David Dundas (politician)

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Sir David Barnett Dundas, 2nd Baronet of Beechwood FRSE, QC (28 August 1803 – 30 March 1877) was a Scottish advocate, Liberal politician and agricultural improver.

Life[edit]

Beechwood House, birthplace of David Dundas

He was the son of Robert Dundas of Beechwood, 1st Baronet Dundas (1761–1835) and Matilda Cockburn (daughter of Archibald Cockburn. He was born at the family mansion of Beechwood House near Corstorphine in western Edinburgh on 28 August 1803.[1] In 1824 he acquired Henry Dundas's estate of Dunira in Perthshire. On his father's death in 1835 David became the 2nd Baronet.

Dundas was educated at Westminster School and at Christ Church, Oxford. He was called to the Bar at the Inner Temple in 1824, and appointed Queen's Counsel in February 1840.

He was elected to represent Sutherland in Parliament as a Liberal in March 1840. In July 1846 he was appointed Solicitor General for England and Wales. At the time, it was the normal practice that accepting ministerial office caused a by-election; he was re-elected on 28 July. In February 1846 he was knighted, a traditional perquisite of the office, but he resigned the position in March 1848 due to ill-health and returned to the backbenches. In May 1849 he was appointed Judge Advocate General, again re-elected in a by-election on 5 June, and made a member of the Privy Council on 29 June.

In 1851 he was elected a Fellow of the Royal Society of Edinburgh his proposer being John Cockburn, the wine merchant who founded Cockburns of Leith.[2]

In 1852 he commissioned the architect William Burn to completely remodel the mansion at Dunira.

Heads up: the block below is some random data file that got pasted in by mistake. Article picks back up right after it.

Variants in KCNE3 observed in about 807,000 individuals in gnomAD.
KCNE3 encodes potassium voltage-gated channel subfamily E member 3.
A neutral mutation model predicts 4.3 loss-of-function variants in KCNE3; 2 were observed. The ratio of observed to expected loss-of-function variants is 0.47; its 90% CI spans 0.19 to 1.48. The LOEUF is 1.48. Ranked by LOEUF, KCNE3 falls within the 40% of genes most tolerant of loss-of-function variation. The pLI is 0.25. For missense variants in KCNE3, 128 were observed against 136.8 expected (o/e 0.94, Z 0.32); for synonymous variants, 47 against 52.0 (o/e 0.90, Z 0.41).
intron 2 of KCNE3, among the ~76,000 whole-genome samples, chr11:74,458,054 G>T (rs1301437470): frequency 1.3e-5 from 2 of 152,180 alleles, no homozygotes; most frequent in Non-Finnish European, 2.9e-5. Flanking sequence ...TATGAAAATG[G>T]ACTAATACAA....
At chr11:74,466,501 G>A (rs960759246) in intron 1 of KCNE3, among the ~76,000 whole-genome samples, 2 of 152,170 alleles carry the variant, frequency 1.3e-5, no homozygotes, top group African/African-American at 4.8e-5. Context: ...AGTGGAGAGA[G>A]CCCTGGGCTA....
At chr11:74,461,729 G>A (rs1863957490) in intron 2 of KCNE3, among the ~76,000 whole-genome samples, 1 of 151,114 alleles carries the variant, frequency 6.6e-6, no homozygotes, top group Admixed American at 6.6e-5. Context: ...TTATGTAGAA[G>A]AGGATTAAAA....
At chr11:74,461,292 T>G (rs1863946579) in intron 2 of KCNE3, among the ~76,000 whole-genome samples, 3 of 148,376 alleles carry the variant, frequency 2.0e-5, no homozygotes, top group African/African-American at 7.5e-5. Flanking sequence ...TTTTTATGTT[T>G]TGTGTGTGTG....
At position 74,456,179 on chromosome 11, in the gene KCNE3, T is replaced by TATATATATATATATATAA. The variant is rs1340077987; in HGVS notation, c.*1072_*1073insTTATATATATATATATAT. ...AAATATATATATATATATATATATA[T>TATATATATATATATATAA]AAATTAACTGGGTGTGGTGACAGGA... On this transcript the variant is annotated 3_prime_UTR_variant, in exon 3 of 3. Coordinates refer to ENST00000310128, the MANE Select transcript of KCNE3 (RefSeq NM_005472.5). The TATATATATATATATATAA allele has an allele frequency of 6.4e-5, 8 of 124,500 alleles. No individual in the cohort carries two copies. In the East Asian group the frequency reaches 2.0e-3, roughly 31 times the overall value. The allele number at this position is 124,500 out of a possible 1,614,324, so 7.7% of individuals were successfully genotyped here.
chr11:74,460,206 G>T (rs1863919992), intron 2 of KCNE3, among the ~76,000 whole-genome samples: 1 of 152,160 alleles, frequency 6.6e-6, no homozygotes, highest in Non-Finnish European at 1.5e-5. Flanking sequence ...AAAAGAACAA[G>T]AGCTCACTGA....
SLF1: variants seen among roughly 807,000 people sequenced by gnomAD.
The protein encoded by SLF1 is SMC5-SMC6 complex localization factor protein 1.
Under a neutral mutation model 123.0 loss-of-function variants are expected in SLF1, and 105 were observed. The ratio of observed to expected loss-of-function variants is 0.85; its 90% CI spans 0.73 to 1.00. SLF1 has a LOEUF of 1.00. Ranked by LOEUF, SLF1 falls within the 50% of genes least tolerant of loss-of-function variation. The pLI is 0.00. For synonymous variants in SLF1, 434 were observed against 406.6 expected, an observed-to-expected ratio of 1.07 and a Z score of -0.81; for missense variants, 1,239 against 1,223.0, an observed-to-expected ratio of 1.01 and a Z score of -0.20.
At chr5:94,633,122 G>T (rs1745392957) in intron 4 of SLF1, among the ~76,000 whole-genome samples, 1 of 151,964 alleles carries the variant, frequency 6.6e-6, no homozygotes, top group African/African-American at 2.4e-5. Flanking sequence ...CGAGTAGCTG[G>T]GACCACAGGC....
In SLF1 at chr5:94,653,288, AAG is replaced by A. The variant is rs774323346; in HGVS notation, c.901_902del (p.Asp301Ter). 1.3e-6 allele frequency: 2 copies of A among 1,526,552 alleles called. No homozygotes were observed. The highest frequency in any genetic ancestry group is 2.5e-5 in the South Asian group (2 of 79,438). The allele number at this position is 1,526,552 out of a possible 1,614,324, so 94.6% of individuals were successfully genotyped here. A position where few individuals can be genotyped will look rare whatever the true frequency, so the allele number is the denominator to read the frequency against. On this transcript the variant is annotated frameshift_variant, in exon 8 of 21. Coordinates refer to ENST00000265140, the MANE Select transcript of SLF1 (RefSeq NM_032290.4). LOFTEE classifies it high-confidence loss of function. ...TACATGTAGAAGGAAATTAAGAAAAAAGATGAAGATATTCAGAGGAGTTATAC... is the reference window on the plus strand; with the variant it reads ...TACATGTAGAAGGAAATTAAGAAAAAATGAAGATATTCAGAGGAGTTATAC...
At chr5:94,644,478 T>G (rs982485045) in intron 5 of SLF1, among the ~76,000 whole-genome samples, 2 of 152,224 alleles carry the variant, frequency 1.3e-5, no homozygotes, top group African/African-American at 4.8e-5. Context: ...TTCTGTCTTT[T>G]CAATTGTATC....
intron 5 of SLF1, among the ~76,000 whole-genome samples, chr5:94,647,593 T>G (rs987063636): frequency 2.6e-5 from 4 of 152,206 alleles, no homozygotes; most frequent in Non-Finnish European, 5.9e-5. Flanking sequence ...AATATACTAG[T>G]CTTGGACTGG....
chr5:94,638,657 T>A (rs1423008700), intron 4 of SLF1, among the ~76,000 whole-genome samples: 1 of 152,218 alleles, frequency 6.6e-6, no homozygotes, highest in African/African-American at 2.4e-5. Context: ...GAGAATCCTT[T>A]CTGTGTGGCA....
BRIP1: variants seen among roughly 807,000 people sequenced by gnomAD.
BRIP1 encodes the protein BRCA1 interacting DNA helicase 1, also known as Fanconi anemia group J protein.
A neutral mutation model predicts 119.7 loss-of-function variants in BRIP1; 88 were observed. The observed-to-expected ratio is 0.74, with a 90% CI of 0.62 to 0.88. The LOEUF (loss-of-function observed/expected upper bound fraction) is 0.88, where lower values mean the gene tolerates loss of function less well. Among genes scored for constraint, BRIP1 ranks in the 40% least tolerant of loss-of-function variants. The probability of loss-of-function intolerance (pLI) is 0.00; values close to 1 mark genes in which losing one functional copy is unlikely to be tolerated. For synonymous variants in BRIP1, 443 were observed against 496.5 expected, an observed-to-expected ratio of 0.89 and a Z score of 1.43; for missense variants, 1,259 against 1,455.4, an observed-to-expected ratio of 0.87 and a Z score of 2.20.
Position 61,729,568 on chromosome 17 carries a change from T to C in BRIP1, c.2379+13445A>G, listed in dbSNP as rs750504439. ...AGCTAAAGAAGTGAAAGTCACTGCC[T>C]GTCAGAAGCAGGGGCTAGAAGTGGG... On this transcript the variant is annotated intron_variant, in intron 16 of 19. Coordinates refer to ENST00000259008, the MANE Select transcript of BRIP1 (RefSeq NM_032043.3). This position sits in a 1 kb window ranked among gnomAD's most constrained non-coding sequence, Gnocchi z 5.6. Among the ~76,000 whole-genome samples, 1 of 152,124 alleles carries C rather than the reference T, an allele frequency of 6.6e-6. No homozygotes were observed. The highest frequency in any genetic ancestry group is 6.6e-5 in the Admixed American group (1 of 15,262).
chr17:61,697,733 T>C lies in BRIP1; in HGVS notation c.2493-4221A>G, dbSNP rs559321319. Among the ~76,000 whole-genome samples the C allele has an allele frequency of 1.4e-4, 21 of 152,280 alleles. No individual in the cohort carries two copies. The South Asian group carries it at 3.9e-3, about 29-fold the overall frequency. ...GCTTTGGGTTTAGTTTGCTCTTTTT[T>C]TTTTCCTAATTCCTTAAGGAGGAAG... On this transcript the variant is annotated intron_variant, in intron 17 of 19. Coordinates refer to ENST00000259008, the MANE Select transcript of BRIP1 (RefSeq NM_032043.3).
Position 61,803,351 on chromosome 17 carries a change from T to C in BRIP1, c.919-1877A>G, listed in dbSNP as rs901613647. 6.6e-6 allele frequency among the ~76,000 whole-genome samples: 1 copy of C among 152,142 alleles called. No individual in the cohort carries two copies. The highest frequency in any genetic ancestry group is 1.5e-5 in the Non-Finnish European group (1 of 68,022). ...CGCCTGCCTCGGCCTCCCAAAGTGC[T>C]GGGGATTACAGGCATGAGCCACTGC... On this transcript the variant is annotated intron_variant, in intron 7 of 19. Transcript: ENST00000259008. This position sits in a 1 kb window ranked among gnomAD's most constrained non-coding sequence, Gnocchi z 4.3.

He retired from politics in the 1852 general election, and was succeeded by the Marquess of Stafford, also a Liberal.

In retirement he lived and worked in his chambers at the Inner Temple; among other work, he served as a Trustee of the British Museum. His retirement from politics was not permanent; when Stafford was elevated to the House of Lords in March 1861 on becoming the third Duke of Sutherland, Dundas returned to Parliament. He stood down again in May 1867, being succeeded by Lord Ronald Sutherland-Leveson-Gower, the Duke's younger brother.

He died on 30 March 1877.

Family[edit]

He married twice: firstly in 1841 to Catherine Whyte Melville (d.1856); secondly in 1858 to Lady Lucy Anne Pelham (1815–1901), daughter of Thomas Pelham, 2nd Earl of Chichester. Lucy was a gifted amateur artist.

He had seven children by his first marriage: Georgina Catherine Dundas (1843–1859); Robert Dundas (1844–1865); David Pelham Dundas (1845–1856); Sir Sydenham James Dundas (1849–1904); Sir Charles Henry Dundas (1851–1908); Sir George Whyte Melville Dundas (1856–1934); Lady Jane Dundas (d.1929)

The second marriage produced a son. Sydenham Jaspar Dundas (1859–1909).[3]

Publications[edit]

  • On the Potato Disease – Crop 1845 (1846)

References[edit]

External links[edit]

Parliament of the United Kingdom
Preceded by
William Howard
Member of Parliament for Sutherland
1840–1852
Succeeded by
The Marquess of Stafford
Preceded by
The Marquess of Stafford
Member of Parliament for Sutherland
1861–1867
Succeeded by
Lord Ronald Sutherland-Leveson-Gower
Political offices
Preceded by
John Jervis
Solicitor-General
1846–1848
Succeeded by
Sir John Romilly
Preceded by
William Goodenough Hayter
Judge Advocate General
1849–1852
Succeeded by
George Bankes
Baronetage of the United Kingdom
Preceded by
Robert Dundas
Baronet
(of Beechwood)
1835–1877
Succeeded by
Sydenham Dundas